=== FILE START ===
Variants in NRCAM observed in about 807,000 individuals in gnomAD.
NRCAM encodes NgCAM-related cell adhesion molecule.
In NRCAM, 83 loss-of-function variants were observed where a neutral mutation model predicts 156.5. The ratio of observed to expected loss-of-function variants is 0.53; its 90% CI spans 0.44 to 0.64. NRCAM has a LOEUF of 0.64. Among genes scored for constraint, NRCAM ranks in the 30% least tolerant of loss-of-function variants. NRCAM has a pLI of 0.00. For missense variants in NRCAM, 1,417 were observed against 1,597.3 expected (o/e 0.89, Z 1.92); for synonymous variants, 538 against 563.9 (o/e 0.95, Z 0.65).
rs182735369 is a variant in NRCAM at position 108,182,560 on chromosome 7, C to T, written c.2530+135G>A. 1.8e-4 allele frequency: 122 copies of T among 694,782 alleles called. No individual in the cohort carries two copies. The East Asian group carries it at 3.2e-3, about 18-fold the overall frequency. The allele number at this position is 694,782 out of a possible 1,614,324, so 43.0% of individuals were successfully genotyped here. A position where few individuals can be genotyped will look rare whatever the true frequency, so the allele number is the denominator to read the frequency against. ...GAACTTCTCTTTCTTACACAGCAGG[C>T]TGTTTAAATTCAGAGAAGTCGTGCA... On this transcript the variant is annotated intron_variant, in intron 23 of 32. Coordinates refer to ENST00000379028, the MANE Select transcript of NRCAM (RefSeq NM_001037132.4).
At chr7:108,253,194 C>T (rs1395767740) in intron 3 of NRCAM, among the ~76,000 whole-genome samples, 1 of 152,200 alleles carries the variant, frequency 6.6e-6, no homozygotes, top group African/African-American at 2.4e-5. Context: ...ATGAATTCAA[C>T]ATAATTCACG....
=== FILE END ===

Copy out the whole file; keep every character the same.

Variants in NRCAM observed in about 807,000 individuals in gnomAD.
NRCAM encodes NgCAM-related cell adhesion molecule.
In NRCAM, 83 loss-of-function variants were observed where a neutral mutation model predicts 156.5. The ratio of observed to expected loss-of-function variants is 0.53; its 90% CI spans 0.44 to 0.64. NRCAM has a LOEUF of 0.64. Among genes scored for constraint, NRCAM ranks in the 30% least tolerant of loss-of-function variants. NRCAM has a pLI of 0.00. For missense variants in NRCAM, 1,417 were observed against 1,597.3 expected (o/e 0.89, Z 1.92); for synonymous variants, 538 against 563.9 (o/e 0.95, Z 0.65).
rs182735369 is a variant in NRCAM at position 108,182,560 on chromosome 7, C to T, written c.2530+135G>A. 1.8e-4 allele frequency: 122 copies of T among 694,782 alleles called. No individual in the cohort carries two copies. The East Asian group carries it at 3.2e-3, about 18-fold the overall frequency. The allele number at this position is 694,782 out of a possible 1,614,324, so 43.0% of individuals were successfully genotyped here. A position where few individuals can be genotyped will look rare whatever the true frequency, so the allele number is the denominator to read the frequency against. ...GAACTTCTCTTTCTTACACAGCAGG[C>T]TGTTTAAATTCAGAGAAGTCGTGCA... On this transcript the variant is annotated intron_variant, in intron 23 of 32. Coordinates refer to ENST00000379028, the MANE Select transcript of NRCAM (RefSeq NM_001037132.4).
At chr7:108,253,194 C>T (rs1395767740) in intron 3 of NRCAM, among the ~76,000 whole-genome samples, 1 of 152,200 alleles carries the variant, frequency 6.6e-6, no homozygotes, top group African/African-American at 2.4e-5. Context: ...ATGAATTCAA[C>T]ATAATTCACG....